- How to get there: There is a regular bus service between Sukhothai and Ayutthaya (6 hours) and a train from Phitsanulok (4-6 hours)
Kanchanaburi...for the famous bridge and wild nature
Most famous for the “Bridge on the River Kwai” – part of the World War II Death Railway to Myanmar – it now also has a thriving backpacker scene, thanks to its generally relaxed atmosphere and beautiful surrounding scenery. That naturally means you’ll find plenty of cheap hotels and hostels, as well as a good nightlife. Riding the railway itself and visiting Hellfire Pass is a very spooky and moving experience and lets you see the stunning riverside scenery. The area is also home to the Erawan Falls – among the most beautiful waterfalls in Thailand. Read More...
- How to get there: There is a regular minibus service from Ayutthaya to Suphanburi (1.5 hours) and from there to Kanchanaburi (another 1.5 hours)
Bangkok...for Khao San Road. Enough said
Finally, we reach Thailand’s current capital city – the exciting metropolis of Bangkok! Home to a massive variety of things to see and do, the absolute musts on the Thailand backpacker trail include partying on Khao San Road (where you’ll also find plenty of cheap accommodation and a great, friendly atmosphere) and visiting Wat Pho, the Grand Palace, Chinatown and the floating markets. Ideally, you should visit on a weekend to see the huge Chatuchak Market. Read More...
- How to get there: There are regular buses from Kanchanaburi to Bangkok (2-4 hours, depending on which terminal you arrive at) and 3rd class trains to Bangkok’s Thonburi Station (3+ hours)
Koh Samui (and surrounding islands)...for the Full Moon Parties
We now enter the beautiful beach section of the backpacker trail, with Koh Samui as the gem of the Gulf of Thailand. Nearby Koh Phangan is a must-visit, being home to the famous Full Moon Parties on Haad Rin Beach, while Koh Tao is a particularly great place for scuba diving and snorkelling. Samui itself is the ideal main base for exploring the area, having the best choice of accommodation, beautiful beaches as well as a fun nightlife in Chaweng. Read More...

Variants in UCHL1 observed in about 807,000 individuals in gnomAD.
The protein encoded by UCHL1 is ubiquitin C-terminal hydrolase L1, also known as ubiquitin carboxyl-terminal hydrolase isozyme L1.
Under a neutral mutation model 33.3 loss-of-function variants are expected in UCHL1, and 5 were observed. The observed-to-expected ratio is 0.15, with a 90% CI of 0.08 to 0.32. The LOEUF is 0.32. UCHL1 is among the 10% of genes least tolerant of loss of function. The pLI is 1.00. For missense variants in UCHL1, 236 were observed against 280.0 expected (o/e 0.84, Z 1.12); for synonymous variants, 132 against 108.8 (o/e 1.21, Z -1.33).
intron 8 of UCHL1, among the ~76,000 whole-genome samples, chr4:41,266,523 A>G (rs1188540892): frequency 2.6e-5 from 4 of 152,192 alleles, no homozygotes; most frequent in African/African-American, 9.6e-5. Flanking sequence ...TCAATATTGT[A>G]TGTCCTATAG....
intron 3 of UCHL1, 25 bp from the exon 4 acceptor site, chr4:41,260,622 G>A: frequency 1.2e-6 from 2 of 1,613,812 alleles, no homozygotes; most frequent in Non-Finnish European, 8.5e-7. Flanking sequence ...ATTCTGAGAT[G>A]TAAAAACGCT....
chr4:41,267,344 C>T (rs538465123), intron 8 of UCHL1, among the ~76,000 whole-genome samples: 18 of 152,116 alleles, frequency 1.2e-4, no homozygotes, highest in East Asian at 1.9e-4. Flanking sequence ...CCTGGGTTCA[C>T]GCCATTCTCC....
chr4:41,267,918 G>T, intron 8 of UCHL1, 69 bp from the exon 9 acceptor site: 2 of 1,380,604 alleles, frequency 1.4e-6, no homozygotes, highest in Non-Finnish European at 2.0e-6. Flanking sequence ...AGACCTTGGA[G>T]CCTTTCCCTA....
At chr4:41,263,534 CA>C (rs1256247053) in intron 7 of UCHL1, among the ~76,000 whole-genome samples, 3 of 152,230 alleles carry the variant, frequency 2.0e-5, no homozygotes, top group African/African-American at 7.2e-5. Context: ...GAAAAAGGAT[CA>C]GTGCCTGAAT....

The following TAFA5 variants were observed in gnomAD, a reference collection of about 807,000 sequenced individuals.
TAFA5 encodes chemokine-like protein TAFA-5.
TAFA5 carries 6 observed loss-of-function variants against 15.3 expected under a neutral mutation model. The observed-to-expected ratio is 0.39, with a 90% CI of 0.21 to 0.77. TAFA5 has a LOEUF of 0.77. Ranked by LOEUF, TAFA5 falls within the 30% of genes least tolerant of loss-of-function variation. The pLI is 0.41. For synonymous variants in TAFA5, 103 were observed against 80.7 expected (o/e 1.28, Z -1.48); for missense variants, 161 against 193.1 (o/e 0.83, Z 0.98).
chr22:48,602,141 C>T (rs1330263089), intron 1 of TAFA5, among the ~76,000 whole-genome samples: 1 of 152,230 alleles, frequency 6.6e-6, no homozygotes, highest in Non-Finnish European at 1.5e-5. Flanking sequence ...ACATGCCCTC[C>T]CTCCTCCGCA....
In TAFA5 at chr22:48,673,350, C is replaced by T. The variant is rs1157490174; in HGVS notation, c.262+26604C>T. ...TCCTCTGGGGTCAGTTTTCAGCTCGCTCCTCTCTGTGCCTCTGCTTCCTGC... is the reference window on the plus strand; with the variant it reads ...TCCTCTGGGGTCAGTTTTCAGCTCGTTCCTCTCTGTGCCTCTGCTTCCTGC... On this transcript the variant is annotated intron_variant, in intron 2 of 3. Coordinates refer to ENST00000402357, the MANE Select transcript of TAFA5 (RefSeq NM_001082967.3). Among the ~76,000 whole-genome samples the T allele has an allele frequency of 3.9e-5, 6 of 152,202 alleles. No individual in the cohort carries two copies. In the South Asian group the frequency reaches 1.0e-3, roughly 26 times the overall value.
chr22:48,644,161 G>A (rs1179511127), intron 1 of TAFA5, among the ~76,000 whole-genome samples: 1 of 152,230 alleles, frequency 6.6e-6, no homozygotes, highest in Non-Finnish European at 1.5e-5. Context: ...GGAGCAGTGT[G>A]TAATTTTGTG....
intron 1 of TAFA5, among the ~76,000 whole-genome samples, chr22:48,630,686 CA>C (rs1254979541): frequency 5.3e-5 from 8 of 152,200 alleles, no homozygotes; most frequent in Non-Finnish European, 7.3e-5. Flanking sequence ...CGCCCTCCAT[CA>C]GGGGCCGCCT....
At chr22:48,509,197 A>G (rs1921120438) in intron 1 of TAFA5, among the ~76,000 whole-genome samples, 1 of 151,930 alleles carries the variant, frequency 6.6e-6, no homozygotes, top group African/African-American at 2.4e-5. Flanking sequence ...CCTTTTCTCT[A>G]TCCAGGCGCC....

- How to get there: Take the train (8-12 hours) or bus (12 hours) to Surat Thani and then a ferry (3-7 hours, depending on which service you use) to Koh Samui, or fly direct from Suvarnabhumi Airport to Koh Samui Airport (1 hour)
Krabi...for the unspoilt beaches and landscape
In spite of its striking natural beauty, including a wealth of nearby pristine desert islands, Krabi is still relatively undeveloped as a destination and is yet to be “spoilt” by the mass tourism industry, making it a backpacker’s paradise. Names like Ao Nang and Railay Beach (which in fact is a peninsula featuring four beaches) speak of blissful days on peaceful beaches, while the rugged landscape makes a great playground for those who enjoy adventure sports. Being still unspoilt, there is naturally plenty of budget-friendly hotels and hostels to choose from. Read More...
- How to get there: Take the ferry back to Surat Thani and the bus to Krabi (3 hours) or fly direct from Koh Samui Airport to Krabi Airport (1 hour)
Phi Phi...for "The Beach"
Phi Phi is at the heart of Thailand’s largest marine national park and home to the famous Maya Bay, made famous by Leonardo Di Caprio’s 2000 movie The Beach. Tonsai Village is the main town on Phi Phi Don (the only populated island in the archipelago of six) and is almost exclusively populated by backpackers and has a huge choice of cheap hotels, hostels, restaurants, massage spas and bars. There are plenty of places to go diving and snorkelling and, of course, wonderful beaches. Read More...
- How to get there: There is one daily ferry to Koh Phi Phi from Ao Nang (2 hours, including a stop at Railay Bay) and five Krabi Town’s Klong Jilad Pier (1.5 hours)
Phuket...for the charming Old Town
As one of the more expensive destinations in Thailand, you would not ordinarily think of Phuket as being a part of the Thailand backpacker trail, but it remains a popular destination. The charming Phuket Old Town is well worth a visit and you can find cheap hotels and hostels there and in the party town of Patong. With over 30 beautiful beaches, stunning nearby islands (including the world-famous Phang Nga Bay and the stunning Racha Islands), a wealth of interesting attractions and an international airport with flights to nearby nations, it is a lovely place to end your adventures in the Land of Smiles. Read More...
- How to get there: There are several daily ferries from Koh Phi Phi to Phuket (1.5-2.5 hours)